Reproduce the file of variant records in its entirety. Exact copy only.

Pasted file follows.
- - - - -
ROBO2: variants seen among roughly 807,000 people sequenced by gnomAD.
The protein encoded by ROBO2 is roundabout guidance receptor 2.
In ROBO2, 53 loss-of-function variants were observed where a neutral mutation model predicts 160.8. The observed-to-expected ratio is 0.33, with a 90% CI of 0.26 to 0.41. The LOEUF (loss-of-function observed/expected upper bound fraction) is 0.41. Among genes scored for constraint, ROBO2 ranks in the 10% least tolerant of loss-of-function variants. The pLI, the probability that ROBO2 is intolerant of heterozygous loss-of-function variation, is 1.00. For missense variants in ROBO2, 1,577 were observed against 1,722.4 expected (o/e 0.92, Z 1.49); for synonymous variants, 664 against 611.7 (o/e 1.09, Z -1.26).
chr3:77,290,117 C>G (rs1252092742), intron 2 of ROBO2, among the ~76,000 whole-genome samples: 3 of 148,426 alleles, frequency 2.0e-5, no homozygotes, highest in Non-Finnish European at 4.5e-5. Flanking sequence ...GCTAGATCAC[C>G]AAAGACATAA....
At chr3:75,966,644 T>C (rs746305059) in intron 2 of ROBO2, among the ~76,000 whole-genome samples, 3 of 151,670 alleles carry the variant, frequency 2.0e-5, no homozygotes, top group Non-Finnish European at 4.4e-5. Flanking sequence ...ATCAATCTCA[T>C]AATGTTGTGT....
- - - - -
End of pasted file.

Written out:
ROBO2: variants seen among roughly 807,000 people sequenced by gnomAD.
The protein encoded by ROBO2 is roundabout guidance receptor 2.
In ROBO2, 53 loss-of-function variants were observed where a neutral mutation model predicts 160.8. The observed-to-expected ratio is 0.33, with a 90% CI of 0.26 to 0.41. The LOEUF (loss-of-function observed/expected upper bound fraction) is 0.41. Among genes scored for constraint, ROBO2 ranks in the 10% least tolerant of loss-of-function variants. The pLI, the probability that ROBO2 is intolerant of heterozygous loss-of-function variation, is 1.00. For missense variants in ROBO2, 1,577 were observed against 1,722.4 expected (o/e 0.92, Z 1.49); for synonymous variants, 664 against 611.7 (o/e 1.09, Z -1.26).
chr3:77,290,117 C>G (rs1252092742), intron 2 of ROBO2, among the ~76,000 whole-genome samples: 3 of 148,426 alleles, frequency 2.0e-5, no homozygotes, highest in Non-Finnish European at 4.5e-5. Flanking sequence ...GCTAGATCAC[C>G]AAAGACATAA....
At chr3:75,966,644 T>C (rs746305059) in intron 2 of ROBO2, among the ~76,000 whole-genome samples, 3 of 151,670 alleles carry the variant, frequency 2.0e-5, no homozygotes, top group Non-Finnish European at 4.4e-5. Flanking sequence ...ATCAATCTCA[T>C]AATGTTGTGT....